Fairgrounds: Regular readers don’t need to be reminded about the on-going Petaluma Urban Chat study on possible re-use of the Sonoma Marin Fairgrounds. (Occasional readers can catch up here.)
The conceptual design efforts are nearing conclusion. The three teams are putting finishing touches on their designs and will present the plans at the Urban Chat meeting on Tuesday, February 24. Everyone is welcome, indeed encouraged, to join us at 5:30pm at Taps, 54 E. Washington Street. And also encouraged to bring a friend or two. Even if you’ve never attended an Urban Chat meeting, if you have an interest in the future of Petaluma you’re likely to find something of interest in the meeting.
For those who haven’t been part of the process thus far, I should explain something about the intended level of the conceptual plans. The plans wouldn’t include detailed building footprints or architectural sketches. To proceed to that level, especially given our non-existent budget, would have been a waste of resources and a short-circuiting of the process.
Instead, the teams will present maps showing allocations of land use and proposed routes of connectivity. In land-use planning parlance, these are called bubble diagrams and are a key step in the planning process.
My goal for Tuesday evening is to settle on a single design concept, either one of the team concepts or a combination of the best elements of multiple concepts, allowing us to more fully develop that concept for public presentation. (In the past, I’ve been subtle with this request. Today, subtlety is dropped. If you have some graphical presentation tools and skills, and are willing to donate a few hours, you can help Urban Chat share their vision with the community. And you would earn my gratitude.)
Before leaving the Fairgrounds subject, I’ll recount a recent conversation with one of the conceptual design participants. He wondered if the next step in the process might be assessing the business attraction needs of the city and focusing the design effort toward that goal.
In response, I shared the StrongTowns philosophy of job creation. To paraphrase the words of StrongTowns founder Chuck Marohn, we often make political decisions as if a strong economy will be the result of job creation. But it’s the reverse that we should be following, having job creation be the result of a strong economy. If we focus on job creation, we run the risk of subsidizing businesses that keep people busy without creating the goods and services that we truly need and want.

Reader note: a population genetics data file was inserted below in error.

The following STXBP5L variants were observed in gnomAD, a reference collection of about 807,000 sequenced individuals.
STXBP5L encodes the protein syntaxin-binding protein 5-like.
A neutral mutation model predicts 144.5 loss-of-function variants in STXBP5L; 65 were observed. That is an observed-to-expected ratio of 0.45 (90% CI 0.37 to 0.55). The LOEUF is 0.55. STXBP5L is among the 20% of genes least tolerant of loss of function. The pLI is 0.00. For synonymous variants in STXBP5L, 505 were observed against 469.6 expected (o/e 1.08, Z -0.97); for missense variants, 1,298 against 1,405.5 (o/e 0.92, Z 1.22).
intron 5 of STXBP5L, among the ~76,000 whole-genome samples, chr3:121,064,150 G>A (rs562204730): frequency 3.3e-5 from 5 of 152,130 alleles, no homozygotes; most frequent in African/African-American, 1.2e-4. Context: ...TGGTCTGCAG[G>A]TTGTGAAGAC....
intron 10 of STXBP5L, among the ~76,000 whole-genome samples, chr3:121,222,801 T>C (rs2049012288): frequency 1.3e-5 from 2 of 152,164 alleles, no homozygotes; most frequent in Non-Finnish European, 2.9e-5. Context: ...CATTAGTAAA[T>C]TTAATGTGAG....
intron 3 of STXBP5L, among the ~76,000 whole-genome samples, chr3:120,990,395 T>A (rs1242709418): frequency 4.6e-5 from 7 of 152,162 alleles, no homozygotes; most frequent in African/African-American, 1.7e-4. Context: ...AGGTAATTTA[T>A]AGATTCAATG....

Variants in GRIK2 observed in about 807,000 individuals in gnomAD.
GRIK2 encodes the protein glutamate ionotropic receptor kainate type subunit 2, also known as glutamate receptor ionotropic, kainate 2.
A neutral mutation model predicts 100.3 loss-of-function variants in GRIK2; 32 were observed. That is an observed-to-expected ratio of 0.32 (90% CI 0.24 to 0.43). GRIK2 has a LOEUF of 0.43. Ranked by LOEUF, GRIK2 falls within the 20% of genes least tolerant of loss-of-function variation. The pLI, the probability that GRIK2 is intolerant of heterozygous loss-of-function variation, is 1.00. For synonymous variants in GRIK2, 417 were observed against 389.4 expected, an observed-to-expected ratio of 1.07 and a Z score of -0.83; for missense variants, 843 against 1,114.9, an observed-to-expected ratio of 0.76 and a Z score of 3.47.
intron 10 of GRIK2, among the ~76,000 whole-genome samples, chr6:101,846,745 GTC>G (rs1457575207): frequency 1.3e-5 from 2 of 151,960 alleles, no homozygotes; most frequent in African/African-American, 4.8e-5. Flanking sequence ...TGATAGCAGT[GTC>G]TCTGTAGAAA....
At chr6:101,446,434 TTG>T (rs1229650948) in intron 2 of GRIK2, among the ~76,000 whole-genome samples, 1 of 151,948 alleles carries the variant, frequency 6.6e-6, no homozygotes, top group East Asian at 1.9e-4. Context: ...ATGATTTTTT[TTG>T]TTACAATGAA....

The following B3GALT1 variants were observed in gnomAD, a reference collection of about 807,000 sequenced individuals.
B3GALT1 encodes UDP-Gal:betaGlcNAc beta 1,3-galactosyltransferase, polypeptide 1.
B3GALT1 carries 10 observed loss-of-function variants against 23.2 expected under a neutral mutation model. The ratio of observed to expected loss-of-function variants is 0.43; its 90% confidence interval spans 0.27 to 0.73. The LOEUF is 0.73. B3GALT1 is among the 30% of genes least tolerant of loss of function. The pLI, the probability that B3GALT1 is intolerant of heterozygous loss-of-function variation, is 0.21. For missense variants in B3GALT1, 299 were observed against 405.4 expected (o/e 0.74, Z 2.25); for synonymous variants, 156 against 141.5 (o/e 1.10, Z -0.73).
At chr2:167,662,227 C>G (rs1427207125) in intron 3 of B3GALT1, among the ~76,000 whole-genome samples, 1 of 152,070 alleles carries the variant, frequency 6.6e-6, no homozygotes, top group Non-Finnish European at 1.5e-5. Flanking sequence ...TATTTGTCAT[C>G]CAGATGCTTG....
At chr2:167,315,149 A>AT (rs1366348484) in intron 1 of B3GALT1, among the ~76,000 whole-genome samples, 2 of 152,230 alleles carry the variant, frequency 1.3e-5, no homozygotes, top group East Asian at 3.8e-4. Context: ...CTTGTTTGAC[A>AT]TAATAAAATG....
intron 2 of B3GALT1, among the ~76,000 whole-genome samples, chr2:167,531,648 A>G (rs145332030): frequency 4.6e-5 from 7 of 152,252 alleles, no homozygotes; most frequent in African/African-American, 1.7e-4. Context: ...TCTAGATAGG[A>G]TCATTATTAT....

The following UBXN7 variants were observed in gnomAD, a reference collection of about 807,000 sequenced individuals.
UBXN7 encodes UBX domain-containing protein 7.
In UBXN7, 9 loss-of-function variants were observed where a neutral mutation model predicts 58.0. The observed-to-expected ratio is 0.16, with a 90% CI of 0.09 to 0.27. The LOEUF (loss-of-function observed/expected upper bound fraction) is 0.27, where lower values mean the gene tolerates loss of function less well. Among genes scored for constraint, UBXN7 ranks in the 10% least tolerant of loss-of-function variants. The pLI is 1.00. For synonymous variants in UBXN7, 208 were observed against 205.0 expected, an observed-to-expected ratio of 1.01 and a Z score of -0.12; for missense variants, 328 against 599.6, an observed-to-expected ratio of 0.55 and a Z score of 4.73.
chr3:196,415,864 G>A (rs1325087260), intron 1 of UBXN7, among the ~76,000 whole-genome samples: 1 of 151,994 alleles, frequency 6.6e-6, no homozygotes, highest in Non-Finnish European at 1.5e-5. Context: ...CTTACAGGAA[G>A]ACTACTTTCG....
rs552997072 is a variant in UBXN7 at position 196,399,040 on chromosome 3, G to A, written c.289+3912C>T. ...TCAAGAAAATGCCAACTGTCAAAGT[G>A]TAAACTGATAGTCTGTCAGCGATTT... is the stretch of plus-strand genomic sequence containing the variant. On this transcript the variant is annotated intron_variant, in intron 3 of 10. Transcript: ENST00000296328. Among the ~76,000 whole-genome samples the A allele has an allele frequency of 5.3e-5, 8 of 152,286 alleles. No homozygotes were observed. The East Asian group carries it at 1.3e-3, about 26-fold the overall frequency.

The application of this principal to town planning is that we should be creating cool places to live and letting job creation follow.
A great example in our region is the South of Market neighborhood (SOMA) in San Francisco. Twitter and others didn’t set out to remake SOMA as their corporate setting. Nor did the City of San Francisco get the ball rolling by trying to attract Twitter and others. Instead, a younger generation, including many who Richard Florida calls “the creatives”, was attracted to the SOMA as cool place to live. (Unlike earlier generations, the coming generations are more willing to move without having a job. They often prioritize life style over employment. And employment usually finds them.)
Noting the accumulation of talent in SOMA, Twitters and other expressed an interest in locating there, the City provided key financial encouragement, and the rebirth of SOMA was fully underway.
Although on a smaller scale, I think the Fairgrounds can provide a similar function in Petaluma, attracting folks who like the North Bay, but who want to live in a walkable, convivial setting. And once they’ve found their way to Petaluma, businesses who want to employ people with that mindset will note the accumulation of talent and follow them to Petaluma.
Of course, there would still be the challenge of finding places for the new businesses to locate, but that’s a great problem to have. (Personally, I remain intrigued by the possibilities of the under-utilized industrial area in the triangle bounded by E. Washington Street, Lakeville Street, and the Petaluma River. And the vision for the Fairgrounds also includes agriculturally-related industrial space and locally-focused retail.)
That’s my vision of the role of the Fairgrounds in Petaluma’s future. If you share it, or if you have your own ideas to test out, please join us on Tuesday the 24th.
Block Parties: Another subject that regular readers should recognize as a frequent topic is block parties, particularly how the Petaluma Municipal Code is surprisingly unfriendly to block parties compared to other North Bay cities.
When I last touched upon the subject, the Petaluma Police Chief and City Council had indicated their support for block parties, tossing the Municipal Code question back to City staff. I’ve since communicated with City Hall, offering my thoughts about a block party process that seems reasonable to me.
While I await a response, I came across an exchange on the Quora website that illustrates what can be good about block parties. I recommend reading the story, but for those who don’t, a police officer on foot patrol at a block party in the Bedford-Stuyvesant neighborhood of Brooklyn asked to borrow a skateboard. To the surprise of the young skateboarders at the party, he proved his ability to still do a few moves, perhaps forever changing the perceptions of some about the police department.
There’s no place in the North Bay like Bed-Stuy, but I can still hope for the equivalent of this type of public-police interaction at North Bay block parties.
Data will be the subject of my next post. I recently attended a meeting on the advanced use of demographic data for land use planning. The conclusions didn’t surprise me, but the clarity that the data brought to the subject was startling.
As always, your questions or comments will be appreciated. Please comment below or email me. And thanks for reading. - Dave Alden (firstname.lastname@example.org)